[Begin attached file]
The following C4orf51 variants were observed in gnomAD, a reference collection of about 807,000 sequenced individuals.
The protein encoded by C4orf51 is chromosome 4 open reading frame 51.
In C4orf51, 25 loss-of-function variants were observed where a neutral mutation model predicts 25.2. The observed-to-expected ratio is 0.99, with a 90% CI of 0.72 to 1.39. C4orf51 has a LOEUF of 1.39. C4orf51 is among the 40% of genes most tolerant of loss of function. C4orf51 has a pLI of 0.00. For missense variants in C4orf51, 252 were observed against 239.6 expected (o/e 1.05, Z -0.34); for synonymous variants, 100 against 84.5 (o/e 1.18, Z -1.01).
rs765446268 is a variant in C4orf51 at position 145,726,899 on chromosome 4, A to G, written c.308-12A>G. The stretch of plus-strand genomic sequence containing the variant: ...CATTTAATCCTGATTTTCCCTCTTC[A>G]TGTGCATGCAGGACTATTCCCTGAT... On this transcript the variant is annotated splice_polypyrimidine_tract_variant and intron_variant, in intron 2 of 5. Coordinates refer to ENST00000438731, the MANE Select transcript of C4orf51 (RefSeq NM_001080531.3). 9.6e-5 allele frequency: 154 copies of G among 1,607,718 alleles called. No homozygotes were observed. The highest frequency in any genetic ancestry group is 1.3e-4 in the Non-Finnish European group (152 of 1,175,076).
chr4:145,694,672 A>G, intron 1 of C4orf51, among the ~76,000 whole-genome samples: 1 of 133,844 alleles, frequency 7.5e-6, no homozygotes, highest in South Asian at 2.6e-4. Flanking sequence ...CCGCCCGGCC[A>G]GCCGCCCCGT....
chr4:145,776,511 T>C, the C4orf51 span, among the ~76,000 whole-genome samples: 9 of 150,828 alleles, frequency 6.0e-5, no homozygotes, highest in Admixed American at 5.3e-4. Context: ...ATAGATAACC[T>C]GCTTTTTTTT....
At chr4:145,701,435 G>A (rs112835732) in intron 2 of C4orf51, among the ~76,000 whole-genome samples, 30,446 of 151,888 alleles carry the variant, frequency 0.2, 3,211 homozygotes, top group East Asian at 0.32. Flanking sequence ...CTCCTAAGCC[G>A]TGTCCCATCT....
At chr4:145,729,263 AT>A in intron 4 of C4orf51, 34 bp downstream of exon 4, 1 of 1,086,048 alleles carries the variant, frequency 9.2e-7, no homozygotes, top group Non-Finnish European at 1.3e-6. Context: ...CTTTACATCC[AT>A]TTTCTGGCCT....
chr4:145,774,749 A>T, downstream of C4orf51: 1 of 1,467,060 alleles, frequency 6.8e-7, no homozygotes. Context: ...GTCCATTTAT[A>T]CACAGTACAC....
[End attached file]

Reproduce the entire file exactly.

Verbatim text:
The following C4orf51 variants were observed in gnomAD, a reference collection of about 807,000 sequenced individuals.
The protein encoded by C4orf51 is chromosome 4 open reading frame 51.
In C4orf51, 25 loss-of-function variants were observed where a neutral mutation model predicts 25.2. The observed-to-expected ratio is 0.99, with a 90% CI of 0.72 to 1.39. C4orf51 has a LOEUF of 1.39. C4orf51 is among the 40% of genes most tolerant of loss of function. C4orf51 has a pLI of 0.00. For missense variants in C4orf51, 252 were observed against 239.6 expected (o/e 1.05, Z -0.34); for synonymous variants, 100 against 84.5 (o/e 1.18, Z -1.01).
rs765446268 is a variant in C4orf51 at position 145,726,899 on chromosome 4, A to G, written c.308-12A>G. The stretch of plus-strand genomic sequence containing the variant: ...CATTTAATCCTGATTTTCCCTCTTC[A>G]TGTGCATGCAGGACTATTCCCTGAT... On this transcript the variant is annotated splice_polypyrimidine_tract_variant and intron_variant, in intron 2 of 5. Coordinates refer to ENST00000438731, the MANE Select transcript of C4orf51 (RefSeq NM_001080531.3). 9.6e-5 allele frequency: 154 copies of G among 1,607,718 alleles called. No homozygotes were observed. The highest frequency in any genetic ancestry group is 1.3e-4 in the Non-Finnish European group (152 of 1,175,076).
chr4:145,694,672 A>G, intron 1 of C4orf51, among the ~76,000 whole-genome samples: 1 of 133,844 alleles, frequency 7.5e-6, no homozygotes, highest in South Asian at 2.6e-4. Flanking sequence ...CCGCCCGGCC[A>G]GCCGCCCCGT....
chr4:145,776,511 T>C, the C4orf51 span, among the ~76,000 whole-genome samples: 9 of 150,828 alleles, frequency 6.0e-5, no homozygotes, highest in Admixed American at 5.3e-4. Context: ...ATAGATAACC[T>C]GCTTTTTTTT....
At chr4:145,701,435 G>A (rs112835732) in intron 2 of C4orf51, among the ~76,000 whole-genome samples, 30,446 of 151,888 alleles carry the variant, frequency 0.2, 3,211 homozygotes, top group East Asian at 0.32. Flanking sequence ...CTCCTAAGCC[G>A]TGTCCCATCT....
At chr4:145,729,263 AT>A in intron 4 of C4orf51, 34 bp downstream of exon 4, 1 of 1,086,048 alleles carries the variant, frequency 9.2e-7, no homozygotes, top group Non-Finnish European at 1.3e-6. Context: ...CTTTACATCC[AT>A]TTTCTGGCCT....
chr4:145,774,749 A>T, downstream of C4orf51: 1 of 1,467,060 alleles, frequency 6.8e-7, no homozygotes. Context: ...GTCCATTTAT[A>T]CACAGTACAC....